paul’s words

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The Writ of Habeas Corpus

It’s nearly eight hundred years since the barons confronted their king on the field at Runnymede and John signed the concession we now call the Magna Charta (the 15th of June, 1215). That brings to mind the other “Great Writ”, the Writ of Habeas Corpus ad Subjiciendum - codified in England as the Habeas Corpus Act by Parliament in 1679, and ensconced in the U.S. Constitution at Article I, Section 9, second sentence: “The Privilege of the Writ of Habeas Corpus shall not be suspended, unless when in Cases of Rebellion or Invasion the public Safety may require it.”

Twenty-six words. They say that our government is restrained from suspending a certain Writ. (It’s also restrained from passing ex post facto laws or granting titles of nobility, for examples.) The Writ commands that whoever is held prisoner has a right to a judge’s determination that the imprisonment is lawful.

And on the 12th of June this year, 2008, it takes many pages for the U.S. Supreme Court to teach, again, that those words do have meaning: the men imprisoned at the Guantánamo Naval Base have the right to question the basis of their imprisonment. The Constitution does not refer to any territorial place where the government is restrained - it just says the government can’t suspend the Writ. The man in the White House thought Guantánamo would be outside the jurisdiction of the Courts - but he is not.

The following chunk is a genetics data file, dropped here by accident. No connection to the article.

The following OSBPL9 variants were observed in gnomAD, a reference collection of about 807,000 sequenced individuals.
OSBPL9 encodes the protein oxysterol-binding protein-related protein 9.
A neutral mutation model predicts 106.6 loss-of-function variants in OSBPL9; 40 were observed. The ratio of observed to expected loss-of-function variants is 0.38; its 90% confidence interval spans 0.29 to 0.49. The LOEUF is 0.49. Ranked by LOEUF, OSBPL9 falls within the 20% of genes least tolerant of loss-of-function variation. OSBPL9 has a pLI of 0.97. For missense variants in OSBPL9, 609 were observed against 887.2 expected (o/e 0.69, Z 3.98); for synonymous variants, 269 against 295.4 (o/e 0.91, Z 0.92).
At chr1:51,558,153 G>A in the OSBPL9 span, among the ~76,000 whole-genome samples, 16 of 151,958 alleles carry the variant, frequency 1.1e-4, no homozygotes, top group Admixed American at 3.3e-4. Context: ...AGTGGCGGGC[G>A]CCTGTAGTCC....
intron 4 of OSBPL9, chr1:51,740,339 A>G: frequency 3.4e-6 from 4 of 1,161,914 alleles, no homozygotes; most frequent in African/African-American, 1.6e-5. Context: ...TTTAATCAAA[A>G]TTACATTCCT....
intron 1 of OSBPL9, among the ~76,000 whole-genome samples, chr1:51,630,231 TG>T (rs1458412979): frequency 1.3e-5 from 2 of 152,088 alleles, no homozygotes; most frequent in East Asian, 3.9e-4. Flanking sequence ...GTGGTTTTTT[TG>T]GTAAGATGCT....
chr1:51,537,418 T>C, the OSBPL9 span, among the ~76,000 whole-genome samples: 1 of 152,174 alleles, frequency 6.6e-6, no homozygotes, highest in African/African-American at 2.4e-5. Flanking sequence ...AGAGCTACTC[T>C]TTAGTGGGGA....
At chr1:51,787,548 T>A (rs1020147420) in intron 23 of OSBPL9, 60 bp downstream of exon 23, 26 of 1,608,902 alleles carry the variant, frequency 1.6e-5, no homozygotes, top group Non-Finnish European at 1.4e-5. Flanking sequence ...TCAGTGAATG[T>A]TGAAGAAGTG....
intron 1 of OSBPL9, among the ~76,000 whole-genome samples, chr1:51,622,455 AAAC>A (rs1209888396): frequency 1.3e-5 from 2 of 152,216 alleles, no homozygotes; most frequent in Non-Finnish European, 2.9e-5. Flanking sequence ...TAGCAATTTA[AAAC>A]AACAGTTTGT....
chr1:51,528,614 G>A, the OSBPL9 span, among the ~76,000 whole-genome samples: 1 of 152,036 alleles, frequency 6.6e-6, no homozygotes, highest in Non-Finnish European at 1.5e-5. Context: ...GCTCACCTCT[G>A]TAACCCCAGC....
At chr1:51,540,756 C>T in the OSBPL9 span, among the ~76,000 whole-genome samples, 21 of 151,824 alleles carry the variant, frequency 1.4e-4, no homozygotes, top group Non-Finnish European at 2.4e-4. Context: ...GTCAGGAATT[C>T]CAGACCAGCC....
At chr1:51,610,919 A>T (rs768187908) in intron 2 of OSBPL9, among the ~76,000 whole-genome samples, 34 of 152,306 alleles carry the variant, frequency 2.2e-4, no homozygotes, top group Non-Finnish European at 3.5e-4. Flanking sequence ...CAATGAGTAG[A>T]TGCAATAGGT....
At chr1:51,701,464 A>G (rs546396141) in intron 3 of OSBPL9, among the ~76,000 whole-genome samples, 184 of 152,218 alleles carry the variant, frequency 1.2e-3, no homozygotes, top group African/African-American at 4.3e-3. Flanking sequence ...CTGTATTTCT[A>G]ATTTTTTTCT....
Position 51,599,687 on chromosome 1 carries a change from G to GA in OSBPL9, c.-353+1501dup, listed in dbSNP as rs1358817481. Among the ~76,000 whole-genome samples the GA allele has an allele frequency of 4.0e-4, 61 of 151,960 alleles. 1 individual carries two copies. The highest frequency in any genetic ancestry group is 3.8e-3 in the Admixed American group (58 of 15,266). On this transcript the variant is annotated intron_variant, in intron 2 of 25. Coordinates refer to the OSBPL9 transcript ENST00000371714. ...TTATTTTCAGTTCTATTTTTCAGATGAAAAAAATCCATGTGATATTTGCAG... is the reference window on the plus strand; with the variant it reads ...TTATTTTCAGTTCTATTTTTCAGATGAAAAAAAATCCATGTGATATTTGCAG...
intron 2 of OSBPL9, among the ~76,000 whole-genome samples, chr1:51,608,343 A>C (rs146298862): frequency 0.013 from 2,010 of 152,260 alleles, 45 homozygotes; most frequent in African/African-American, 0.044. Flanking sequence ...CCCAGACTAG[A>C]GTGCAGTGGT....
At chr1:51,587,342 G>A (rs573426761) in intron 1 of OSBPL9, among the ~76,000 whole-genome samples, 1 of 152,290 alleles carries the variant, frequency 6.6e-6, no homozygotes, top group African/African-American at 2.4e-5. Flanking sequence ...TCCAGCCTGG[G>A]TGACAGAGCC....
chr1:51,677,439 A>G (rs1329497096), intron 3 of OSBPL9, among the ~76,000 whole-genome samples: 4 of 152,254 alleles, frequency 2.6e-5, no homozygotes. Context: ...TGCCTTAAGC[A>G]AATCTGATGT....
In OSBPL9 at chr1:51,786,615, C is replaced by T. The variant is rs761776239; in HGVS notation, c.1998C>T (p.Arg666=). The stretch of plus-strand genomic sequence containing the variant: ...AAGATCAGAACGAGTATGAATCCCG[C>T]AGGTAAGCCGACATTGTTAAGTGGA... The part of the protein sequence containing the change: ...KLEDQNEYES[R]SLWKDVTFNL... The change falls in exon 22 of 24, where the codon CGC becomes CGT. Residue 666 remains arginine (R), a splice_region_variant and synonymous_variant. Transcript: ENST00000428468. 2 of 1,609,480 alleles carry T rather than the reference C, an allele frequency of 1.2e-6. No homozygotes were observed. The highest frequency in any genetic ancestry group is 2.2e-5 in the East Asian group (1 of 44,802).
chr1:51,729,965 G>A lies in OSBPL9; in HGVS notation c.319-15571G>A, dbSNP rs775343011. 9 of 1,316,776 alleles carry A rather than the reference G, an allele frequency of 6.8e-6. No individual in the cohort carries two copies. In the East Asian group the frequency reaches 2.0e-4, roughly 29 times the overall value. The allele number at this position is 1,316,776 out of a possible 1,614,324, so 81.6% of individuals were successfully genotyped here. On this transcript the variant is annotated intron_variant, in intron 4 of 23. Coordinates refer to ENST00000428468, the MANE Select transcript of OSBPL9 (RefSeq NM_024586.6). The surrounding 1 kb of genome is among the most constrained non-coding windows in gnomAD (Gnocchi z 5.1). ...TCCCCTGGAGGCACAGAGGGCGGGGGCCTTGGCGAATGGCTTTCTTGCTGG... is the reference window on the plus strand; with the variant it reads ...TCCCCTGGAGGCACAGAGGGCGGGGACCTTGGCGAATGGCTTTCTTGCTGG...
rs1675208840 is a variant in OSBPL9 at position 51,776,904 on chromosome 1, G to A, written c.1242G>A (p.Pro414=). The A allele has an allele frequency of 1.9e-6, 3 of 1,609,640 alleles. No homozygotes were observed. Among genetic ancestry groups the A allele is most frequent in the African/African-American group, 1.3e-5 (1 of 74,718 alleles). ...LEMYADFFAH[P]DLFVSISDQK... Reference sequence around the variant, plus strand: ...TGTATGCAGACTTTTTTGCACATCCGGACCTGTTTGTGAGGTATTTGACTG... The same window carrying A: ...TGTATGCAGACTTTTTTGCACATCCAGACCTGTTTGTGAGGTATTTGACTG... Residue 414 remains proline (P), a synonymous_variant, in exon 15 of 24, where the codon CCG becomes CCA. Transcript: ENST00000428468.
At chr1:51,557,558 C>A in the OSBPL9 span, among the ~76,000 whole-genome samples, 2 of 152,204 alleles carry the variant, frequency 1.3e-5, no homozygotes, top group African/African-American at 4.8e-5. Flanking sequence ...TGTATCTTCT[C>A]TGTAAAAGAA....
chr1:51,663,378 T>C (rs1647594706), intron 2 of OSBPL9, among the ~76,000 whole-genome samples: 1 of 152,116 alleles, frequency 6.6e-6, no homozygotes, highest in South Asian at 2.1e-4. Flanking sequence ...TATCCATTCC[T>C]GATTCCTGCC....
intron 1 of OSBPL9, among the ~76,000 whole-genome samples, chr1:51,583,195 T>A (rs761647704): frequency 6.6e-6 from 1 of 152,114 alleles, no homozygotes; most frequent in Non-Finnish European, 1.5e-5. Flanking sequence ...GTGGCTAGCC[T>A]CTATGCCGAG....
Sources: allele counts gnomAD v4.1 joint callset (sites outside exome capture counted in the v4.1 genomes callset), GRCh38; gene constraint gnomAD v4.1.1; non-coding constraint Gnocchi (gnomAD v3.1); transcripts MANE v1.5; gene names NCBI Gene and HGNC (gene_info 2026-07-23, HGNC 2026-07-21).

Justice Antonin Scalia, in dissent, (as reported by The New York Times, June 12, 2008) was concerned that at least 30 prisoners have allegedly returned to the “battlefield” following their release from Guantánamo (the words of the Times). The Court’s decision “will make the war harder on us” Scalia reportedly wrote. But those prisoners were released by the Defense Department on its own initiative, not by the order of any court.

If there’s a need to keep men imprisoned because the war may be hard on us - say, what war? No war has been declared. But if we had declared war, then these men would be “Prisoners of War”, to be held until the war’s end.

President George-the-Third (the current White House occupant is the third “George”) couldn’t or wouldn’t (well, he didn’t) want to declare war. That would have dramatized too clearly the violation of international law, too clearly making a war of our own choosing.

Now my Nation is embroiled in a catastrophe of his making. Thrice he has been rebuked. Pray that the Court and the brave women and men, plaintiffs and attorneys, who bring cases to the Justices will persevere.

W. Paul Wharton